Meridian Audio Ultra DAC digital converter

Digital-to-analog converters
Meridian Ultra DAC

The stage is well presented, with plenty of detail, but without being etched. A warm bouncy bass exudes a sense of fun in this gripping saga. Surveying the filter situation, my audio taste-buds were more drawn to the precision and slightly more natural sounds of the short filter, through which the orchestra sounded a little more lithe and real. Compared with the Chord DAVE, there is a slight understatement of the bottom octave of the double basses.

Switching to my MacBook and with the latest download of Audirvarna, as recommended by Meridian, and listening to the same track on hard disc, there is a noticeable fall in the clarity of the recording. The bass is more smudged, the soundstage narrowed, and an audio step backwards. There is a graininess to the sound which isn’t there with the dCS as a transport. Of course the dCS is a class-leading source, and by the standards of other DACs, the Ultra’s USB input is really quite good. My point is that from this example, a good transport can show a laptop a clean pair of heels.

So going back to the dCS as a transport, and listening to Tidal, I now want to see how the DAC performs when fed with MQA versus a PCM recording. Although this on the dCS app isn’t obvious, I have found two different versions of the same recording on Tidal of the Amadeus Quartet playing Schubert’s “Trout Quintet” with Emil Gilels. Having owned the LP of this which dates back to the 70’s, and having never been impressed by the recording/mastering/pressing quality, to hear this remastered is truly a revelation. The 44.1K version sounds a massive improvement over the original LP, and with MQA, there is a far greater sense of the individual instruments – separated and the quintet’s place within the hall. I can feel the presence of the back wall of the hall with MQA; without it, the instruments seem to blend to a paste!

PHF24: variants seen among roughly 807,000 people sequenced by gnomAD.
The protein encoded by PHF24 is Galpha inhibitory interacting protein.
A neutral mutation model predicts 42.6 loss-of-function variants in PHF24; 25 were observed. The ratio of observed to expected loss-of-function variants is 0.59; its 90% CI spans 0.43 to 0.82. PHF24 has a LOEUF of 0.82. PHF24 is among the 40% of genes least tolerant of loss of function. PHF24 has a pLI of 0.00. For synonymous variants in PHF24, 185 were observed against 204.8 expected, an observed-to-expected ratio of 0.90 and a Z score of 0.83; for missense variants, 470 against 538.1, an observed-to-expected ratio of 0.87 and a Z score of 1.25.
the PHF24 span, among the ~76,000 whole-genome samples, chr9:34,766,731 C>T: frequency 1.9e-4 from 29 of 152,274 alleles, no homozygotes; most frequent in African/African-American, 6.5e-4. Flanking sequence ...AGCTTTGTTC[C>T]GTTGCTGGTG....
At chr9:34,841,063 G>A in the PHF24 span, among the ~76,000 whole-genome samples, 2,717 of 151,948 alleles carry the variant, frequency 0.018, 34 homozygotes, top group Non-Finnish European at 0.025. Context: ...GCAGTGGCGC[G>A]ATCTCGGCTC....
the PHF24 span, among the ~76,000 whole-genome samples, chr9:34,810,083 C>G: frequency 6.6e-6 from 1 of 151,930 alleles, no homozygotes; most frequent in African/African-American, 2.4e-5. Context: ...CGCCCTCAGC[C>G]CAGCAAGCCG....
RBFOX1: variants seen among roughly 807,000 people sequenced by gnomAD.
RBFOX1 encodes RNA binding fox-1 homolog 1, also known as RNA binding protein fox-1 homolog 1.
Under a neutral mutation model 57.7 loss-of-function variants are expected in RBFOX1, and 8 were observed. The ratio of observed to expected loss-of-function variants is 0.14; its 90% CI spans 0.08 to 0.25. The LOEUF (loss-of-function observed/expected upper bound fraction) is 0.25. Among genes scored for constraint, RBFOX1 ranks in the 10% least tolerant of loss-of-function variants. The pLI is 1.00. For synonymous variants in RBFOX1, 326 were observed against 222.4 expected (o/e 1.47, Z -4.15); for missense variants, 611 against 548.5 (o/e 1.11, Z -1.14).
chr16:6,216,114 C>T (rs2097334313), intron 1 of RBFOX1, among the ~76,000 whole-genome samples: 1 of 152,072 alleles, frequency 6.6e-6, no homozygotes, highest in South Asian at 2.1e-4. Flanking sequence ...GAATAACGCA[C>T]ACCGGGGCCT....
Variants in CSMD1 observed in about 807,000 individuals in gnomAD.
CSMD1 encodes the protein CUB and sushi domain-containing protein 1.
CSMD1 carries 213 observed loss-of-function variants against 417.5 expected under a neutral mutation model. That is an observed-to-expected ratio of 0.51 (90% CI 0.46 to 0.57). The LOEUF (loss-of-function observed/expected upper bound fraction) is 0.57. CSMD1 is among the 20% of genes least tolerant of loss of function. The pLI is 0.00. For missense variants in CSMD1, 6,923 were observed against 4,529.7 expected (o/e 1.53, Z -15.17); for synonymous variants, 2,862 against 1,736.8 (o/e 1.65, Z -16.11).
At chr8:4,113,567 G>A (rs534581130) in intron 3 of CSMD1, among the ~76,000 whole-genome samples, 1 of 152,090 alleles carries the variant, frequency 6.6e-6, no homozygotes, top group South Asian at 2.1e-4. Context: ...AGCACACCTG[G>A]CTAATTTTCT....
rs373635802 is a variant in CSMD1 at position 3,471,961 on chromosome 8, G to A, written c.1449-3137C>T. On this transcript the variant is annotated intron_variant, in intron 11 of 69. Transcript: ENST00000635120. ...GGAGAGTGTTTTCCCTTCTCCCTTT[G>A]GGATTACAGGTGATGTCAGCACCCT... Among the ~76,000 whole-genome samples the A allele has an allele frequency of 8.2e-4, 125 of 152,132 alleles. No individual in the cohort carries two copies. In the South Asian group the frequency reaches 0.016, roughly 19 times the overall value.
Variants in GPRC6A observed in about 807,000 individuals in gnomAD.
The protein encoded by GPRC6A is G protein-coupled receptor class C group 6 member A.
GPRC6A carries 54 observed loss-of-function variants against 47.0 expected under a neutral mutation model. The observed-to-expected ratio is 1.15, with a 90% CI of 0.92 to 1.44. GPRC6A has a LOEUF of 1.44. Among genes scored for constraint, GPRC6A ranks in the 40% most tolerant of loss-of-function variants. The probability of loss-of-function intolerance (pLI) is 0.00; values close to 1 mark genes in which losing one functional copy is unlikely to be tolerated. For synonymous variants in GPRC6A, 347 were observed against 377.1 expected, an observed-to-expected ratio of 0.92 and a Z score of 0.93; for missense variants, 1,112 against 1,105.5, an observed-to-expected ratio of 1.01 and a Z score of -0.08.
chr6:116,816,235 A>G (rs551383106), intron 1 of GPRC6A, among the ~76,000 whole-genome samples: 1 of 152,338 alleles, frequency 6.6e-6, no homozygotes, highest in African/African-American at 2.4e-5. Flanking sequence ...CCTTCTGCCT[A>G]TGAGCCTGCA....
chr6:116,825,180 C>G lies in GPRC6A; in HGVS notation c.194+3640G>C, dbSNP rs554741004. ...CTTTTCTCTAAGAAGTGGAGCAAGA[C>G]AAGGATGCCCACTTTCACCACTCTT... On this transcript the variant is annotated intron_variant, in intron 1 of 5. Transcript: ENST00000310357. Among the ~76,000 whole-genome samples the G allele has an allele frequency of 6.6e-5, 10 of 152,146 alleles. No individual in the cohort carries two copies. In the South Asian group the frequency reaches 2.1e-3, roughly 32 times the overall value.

Rather oddly, my dCS has stopped feeding Tidal in MQA through to the Ultra, and I’m unable to replicate this comparison with other recordings. I have a strong suspicion that what I’m hearing with MQA is beneficial when it comes to real acoustic recordings, done in a real space, as opposed to laid down electronically, or spatially created at a mixing desk. Hence MQA would favour classical music above other types of recordings – just a thought, and this would need a great deal more listening to ascertain with confidence. 

In the coming months, dCS is going to make the Network Bridge MQA compatible; there has been a press release to this effect. I look forward to the time I can really enjoy and assess what MQA is doing, using a top quality source, and not a laptop, as I can compare MQA and non-MQA files played on a Mac, but this is in my opinion a second-best source. I can certainly hear some exciting potential from MQA, but I would find it difficult to pronounce on the basis of a laptop as a transport. I did hear a demonstration at the Windsor Show of Mahler’s 5th Symphony as an original master, and then having been MQA’d. Rather miraculously, I heard the same traits as I’d heard at home, a more chiselled sense of space, greater separation, and the sense of the hall – a clear difference – no equivocation. Quite what goes on in the later stages of the unfolding process seems to be shrouded in mystery. There are plenty of things one takes for granted – what’s inside a Coca-Cola bottle, apart from the 20 heaped spoonfuls of sugar or whatever it is. There will be those who want to understand the process, and then there are those that won’t mind the not-knowing. Personally, I’d like to know.

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